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System and Method to Automatically Resolve Keystroke Errors When Entering Text Using a Computer Keyboard

IP.com Disclosure Number: IPCOM000179568D
Original Publication Date: 2009-Feb-17
Included in the Prior Art Database: 2009-Feb-17
Document File: 4 page(s) / 40K

Publishing Venue

IBM

Abstract

This invention describes a system and method to automatically detect and resolve key stroke errors when a computer user is typing data using a keyboard. The invention uses adjacent key mappings and a dictionary to discover potential key stroke errors. The invention presents possible words on the screen as the user is typing.

This text was extracted from a PDF file.
At least one non-text object (such as an image or picture) has been suppressed.
This is the abbreviated version, containing approximately 55% of the total text.

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System and Method to Automatically Resolve Keystroke Errors When Entering Text Using a Computer Keyboard

The core idea of this invention surrounds the use of the keyboard and understanding the adjacent keys to a key that was pressed. The idea is that when a user types a character into the computer using the keyboard, the key stroke is logged along with the set of adjacent letters that the user could have meant to have typed. As the user continues to type in the work, the adjacent letters are logged.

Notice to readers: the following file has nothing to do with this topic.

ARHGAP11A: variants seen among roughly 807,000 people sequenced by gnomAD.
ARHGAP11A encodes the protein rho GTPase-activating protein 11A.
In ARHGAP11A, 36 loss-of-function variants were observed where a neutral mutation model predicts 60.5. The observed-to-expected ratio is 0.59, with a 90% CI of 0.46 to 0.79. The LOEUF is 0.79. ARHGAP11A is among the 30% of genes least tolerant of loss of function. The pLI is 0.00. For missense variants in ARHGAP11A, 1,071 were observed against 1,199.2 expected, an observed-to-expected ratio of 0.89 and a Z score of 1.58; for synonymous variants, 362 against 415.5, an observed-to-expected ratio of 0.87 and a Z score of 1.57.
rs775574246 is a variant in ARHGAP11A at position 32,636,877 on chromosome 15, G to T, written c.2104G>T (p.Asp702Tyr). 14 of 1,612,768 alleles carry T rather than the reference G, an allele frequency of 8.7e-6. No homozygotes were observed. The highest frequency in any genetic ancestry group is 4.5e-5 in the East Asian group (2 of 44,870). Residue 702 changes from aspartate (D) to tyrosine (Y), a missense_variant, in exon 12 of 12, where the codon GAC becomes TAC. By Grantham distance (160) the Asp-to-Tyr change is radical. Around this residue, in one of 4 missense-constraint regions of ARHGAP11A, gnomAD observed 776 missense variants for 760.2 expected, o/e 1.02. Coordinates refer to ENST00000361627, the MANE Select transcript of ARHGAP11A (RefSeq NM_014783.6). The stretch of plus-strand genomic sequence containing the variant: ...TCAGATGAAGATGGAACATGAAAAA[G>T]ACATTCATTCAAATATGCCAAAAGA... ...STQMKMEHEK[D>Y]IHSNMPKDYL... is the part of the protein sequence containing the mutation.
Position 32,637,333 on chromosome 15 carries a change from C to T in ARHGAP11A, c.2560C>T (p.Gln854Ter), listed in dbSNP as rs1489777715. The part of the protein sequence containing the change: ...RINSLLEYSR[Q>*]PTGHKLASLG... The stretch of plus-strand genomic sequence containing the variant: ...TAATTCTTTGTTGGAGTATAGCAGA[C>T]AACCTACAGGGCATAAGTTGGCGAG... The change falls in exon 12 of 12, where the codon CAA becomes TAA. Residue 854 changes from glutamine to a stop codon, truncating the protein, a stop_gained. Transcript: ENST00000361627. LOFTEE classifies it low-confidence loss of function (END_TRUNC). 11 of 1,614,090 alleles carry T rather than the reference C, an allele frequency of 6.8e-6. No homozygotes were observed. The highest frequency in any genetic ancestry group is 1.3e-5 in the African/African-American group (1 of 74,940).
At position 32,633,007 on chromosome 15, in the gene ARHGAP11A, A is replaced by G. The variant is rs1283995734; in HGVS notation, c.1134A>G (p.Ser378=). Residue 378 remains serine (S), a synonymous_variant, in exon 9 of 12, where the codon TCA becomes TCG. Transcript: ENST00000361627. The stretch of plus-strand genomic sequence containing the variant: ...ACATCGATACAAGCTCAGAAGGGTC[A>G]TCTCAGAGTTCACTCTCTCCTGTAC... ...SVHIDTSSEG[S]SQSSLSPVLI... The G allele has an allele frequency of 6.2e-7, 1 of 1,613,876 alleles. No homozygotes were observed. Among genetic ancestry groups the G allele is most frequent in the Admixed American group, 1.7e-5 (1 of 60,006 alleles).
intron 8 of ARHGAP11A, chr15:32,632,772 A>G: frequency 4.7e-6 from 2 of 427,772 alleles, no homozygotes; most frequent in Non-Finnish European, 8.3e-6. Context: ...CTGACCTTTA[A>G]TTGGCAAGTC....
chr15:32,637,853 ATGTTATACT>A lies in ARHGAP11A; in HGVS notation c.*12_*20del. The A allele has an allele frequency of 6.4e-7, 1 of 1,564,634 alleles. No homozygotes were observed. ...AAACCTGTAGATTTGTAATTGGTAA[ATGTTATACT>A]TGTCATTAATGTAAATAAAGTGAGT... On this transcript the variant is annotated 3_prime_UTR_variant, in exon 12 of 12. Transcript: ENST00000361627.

As each letter of a word is typed, the computer keeps a list of all words that start with the actual letters types as well as any words that could be made had the user typed an adjacent letter on the keyboard. As the user continues to type, the list of potential words is built up. The invention provides a mechanism to allow the user to see the list of words that the user could be trying to type such that it may be selected prior to typing all of the letters in the word.

The following diagrams show an example:

Assume a standard QWERTY keyboard for this example (although any type of keyboard / language) can be used.

The diagram shows a standard keyboard laid out according to the standard 'QWERTY' layout. The following example shows a user that is typing the work 'SHACK'

1) The user types in the first letter of the word 'S'

Q

W

E

R

T

Y

U

I

A

S

D

F

G

H

J

K

Z

X

C

V

B

N

M

,

1

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Q

W

E

R

T

Y

U

I

A

S

D

F

G

H

J

K

Z

X

C

V

B

N

M

,

2) The letter 'S' appears on the screen. The letters W,E,A,D,Z and X are analyzed in case the user meant to have types one of those letters. At this point, the computer looks to see if any word in its dictionary can start with the letter 'S'. Of course there are many words, so the word is not flagged as having a problem. The computer then looks at each adjacent letter and sees that also, there are words in the dictionary that start with the letters W,E,A,D,Z or X

3) The user types in the next letter of the word - 'H'.

Q

W

E

R

T

Y

U

I

A

S

D

F

G

H

J

K

Z

X

C

V

B

N

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,

4) The letter 'H' appears on the screen. The computer looks to determine whether any word starts with the letters 'SH' - there are , of course, many, so the word is not flagged as an error. The computer then looks to see how many words can start with any of the adjacent letters :

WY WU WG WJ WB WN EY EU EG EJ EB EN AY AU AG AJ

2

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AB


AN
.... etc... etc. through each of the remaining combinations.

5) In this example, only the following combinations are found to be valid :

WU

EU
EG
EJ
EB
EN
AG
AJ
AB
AN
ZU

6) the user types in the next letter 'A"


7) The lette...